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Uncertainty Assessment

  • Richard E. Brazier
  • Tobias Krueger
  • John Wainwright
Chapter

Abstract

A number of traditional concerns as well as outside pressures on scientific understanding have led to the underplaying of uncertainty. Land-degradation studies are by no means alone in assuming that if the problem of uncertainty is ignored, it will go away. We demonstrate that such a head-in-the-sand approach is fallacious, as uncertainty underpins all our scientific activity. Field measurements and empirical observations are no less exempt than complicated numerical models. Uncertainty can be distinguished as being aleatory, or due to inherent variability, or epistemic, as a result of uncertain knowledge, although in reality both types are intimately related. Model parameters reflect the underpinning conceptual models in a discipline, and as those conceptual models change, parameter measurements may also need to change. Taking account of all of the sources of variability in measurement is critical, though, in ensuring that we do not reject models for the wrong reasons. A structure is presented for addressing uncertainty propagation in models using intervals, fuzzy membership functions and probability distributions in conjunction with stochastic simulation. The effects of model structural uncertainty are considered within a variety of Bayesian frameworks, and their relative strengths and weaknesses addressed. All aspects of uncertainty must be considered if we are to develop robust models of land degradation that incorporate ecogeomorphic feedbacks and human activity.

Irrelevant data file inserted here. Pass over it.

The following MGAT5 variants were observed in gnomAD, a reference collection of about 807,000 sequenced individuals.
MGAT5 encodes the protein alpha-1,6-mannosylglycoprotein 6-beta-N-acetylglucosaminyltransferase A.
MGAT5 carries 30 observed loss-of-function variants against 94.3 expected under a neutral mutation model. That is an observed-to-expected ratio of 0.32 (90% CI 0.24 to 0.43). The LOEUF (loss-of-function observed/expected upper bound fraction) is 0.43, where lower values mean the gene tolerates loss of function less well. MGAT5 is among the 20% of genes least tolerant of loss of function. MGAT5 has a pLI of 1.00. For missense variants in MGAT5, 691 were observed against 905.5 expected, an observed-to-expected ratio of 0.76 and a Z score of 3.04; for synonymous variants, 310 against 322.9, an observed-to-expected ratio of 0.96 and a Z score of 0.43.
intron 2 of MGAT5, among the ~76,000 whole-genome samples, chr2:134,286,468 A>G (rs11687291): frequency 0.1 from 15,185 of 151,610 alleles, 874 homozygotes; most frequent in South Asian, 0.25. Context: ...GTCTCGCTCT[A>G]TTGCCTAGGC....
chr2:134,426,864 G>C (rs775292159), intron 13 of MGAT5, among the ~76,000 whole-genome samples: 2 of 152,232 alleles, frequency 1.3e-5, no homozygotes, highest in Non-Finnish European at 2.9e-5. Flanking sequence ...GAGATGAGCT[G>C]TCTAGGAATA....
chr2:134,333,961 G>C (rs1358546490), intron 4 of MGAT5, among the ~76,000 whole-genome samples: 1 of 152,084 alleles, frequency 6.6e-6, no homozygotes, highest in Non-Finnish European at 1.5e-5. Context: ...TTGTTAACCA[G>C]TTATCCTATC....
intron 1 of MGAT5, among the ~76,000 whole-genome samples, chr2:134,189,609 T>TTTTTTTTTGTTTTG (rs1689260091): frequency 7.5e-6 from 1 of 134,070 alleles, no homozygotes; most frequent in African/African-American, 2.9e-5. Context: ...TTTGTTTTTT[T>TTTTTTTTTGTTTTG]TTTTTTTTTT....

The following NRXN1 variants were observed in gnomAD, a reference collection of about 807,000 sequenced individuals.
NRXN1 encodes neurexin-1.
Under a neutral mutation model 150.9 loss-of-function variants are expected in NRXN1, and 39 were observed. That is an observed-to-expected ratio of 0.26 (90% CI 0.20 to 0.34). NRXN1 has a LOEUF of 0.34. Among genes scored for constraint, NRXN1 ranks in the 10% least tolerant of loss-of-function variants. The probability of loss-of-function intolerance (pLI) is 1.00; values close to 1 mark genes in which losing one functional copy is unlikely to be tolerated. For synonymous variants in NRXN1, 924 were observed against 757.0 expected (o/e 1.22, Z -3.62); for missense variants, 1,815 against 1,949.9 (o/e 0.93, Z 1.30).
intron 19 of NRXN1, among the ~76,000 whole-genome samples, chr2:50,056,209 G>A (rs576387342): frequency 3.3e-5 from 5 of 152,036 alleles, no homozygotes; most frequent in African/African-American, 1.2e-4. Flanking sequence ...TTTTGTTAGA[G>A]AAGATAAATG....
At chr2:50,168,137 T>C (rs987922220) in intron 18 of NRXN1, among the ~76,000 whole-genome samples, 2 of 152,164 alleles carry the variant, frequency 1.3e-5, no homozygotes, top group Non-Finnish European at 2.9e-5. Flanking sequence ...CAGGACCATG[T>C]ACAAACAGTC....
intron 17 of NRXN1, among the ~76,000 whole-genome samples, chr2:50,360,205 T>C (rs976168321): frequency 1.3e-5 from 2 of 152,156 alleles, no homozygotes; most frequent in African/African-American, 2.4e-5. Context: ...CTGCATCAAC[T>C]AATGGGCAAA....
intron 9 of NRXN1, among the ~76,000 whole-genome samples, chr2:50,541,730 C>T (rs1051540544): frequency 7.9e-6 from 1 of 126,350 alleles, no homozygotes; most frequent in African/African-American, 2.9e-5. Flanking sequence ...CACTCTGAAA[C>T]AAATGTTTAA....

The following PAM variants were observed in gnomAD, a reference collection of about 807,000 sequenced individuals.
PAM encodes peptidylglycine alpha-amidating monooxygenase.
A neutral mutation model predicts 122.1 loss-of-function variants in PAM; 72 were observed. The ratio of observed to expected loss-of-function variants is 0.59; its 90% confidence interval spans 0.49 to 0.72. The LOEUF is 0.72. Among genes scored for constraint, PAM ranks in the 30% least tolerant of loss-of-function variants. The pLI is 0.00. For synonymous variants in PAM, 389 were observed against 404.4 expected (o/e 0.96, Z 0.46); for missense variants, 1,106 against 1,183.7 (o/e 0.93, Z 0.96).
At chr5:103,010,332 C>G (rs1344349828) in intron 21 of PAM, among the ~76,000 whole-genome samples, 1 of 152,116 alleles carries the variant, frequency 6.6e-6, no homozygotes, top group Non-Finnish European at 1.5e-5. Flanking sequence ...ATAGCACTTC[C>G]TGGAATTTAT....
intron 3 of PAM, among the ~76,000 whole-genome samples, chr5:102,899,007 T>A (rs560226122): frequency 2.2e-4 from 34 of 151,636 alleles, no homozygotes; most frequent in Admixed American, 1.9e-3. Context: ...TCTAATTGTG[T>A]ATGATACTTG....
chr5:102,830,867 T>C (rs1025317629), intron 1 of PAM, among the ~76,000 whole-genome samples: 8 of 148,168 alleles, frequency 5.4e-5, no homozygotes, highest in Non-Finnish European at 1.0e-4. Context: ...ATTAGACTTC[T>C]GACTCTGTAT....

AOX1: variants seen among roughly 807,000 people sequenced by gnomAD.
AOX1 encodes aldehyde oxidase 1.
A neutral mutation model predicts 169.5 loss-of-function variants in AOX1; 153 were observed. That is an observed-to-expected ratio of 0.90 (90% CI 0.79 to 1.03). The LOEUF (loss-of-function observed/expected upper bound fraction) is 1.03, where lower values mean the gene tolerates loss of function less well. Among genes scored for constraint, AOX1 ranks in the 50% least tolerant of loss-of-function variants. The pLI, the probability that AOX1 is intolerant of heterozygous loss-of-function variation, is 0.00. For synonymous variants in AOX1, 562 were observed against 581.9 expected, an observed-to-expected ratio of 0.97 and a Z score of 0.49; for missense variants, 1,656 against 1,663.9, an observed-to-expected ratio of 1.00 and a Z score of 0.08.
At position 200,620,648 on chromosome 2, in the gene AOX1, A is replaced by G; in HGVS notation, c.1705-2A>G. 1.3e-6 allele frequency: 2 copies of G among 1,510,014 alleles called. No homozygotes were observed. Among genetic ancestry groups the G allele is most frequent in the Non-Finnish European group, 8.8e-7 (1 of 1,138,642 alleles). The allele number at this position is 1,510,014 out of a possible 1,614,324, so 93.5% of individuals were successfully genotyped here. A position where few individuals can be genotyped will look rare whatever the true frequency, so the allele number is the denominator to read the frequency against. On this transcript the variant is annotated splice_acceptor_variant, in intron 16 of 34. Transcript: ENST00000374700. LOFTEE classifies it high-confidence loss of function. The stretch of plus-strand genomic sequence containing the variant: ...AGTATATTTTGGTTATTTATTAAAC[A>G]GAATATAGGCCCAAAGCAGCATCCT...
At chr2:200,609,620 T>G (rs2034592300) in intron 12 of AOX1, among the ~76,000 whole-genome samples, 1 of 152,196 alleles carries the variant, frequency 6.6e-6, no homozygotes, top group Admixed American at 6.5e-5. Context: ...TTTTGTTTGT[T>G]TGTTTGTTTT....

Keywords

Land Degradation Stochastic Simulation Fuzzy Membership Function Epistemic Uncertainty Data Uncertainty 
These keywords were added by machine and not by the authors. This process is experimental and the keywords may be updated as the learning algorithm improves.

Notes

Acknowledgments

This chapter is a contribution to the book Patterns of Land Degradation in Drylands: Understanding Self-Organised Ecogeomorphic Systems, which is the outcome of an ESF-funded Exploratory Workshop – “Self-organized ecogeomorphic systems: confronting models with data for land degradation in drylands” – which was held in Potsdam, Germany, 7–10 June 2010. TK was supported by a UK Natural Environment Research Council Knowledge Exchange Fellowship (grant no. NE/J500513/1) during the writing of this chapter.

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Copyright information

© Springer Science+Business Media Dordrecht 2014

Authors and Affiliations

  • Richard E. Brazier
    • 1
  • Tobias Krueger
    • 2
  • John Wainwright
    • 3
  1. 1.Geography, College of Life and Environmental SciencesUniversity of ExeterExeterUK
  2. 2.School of Environmental SciencesUniversity of East AngliaNorwichUK
  3. 3.Department of GeographyUniversity of DurhamDurhamUK

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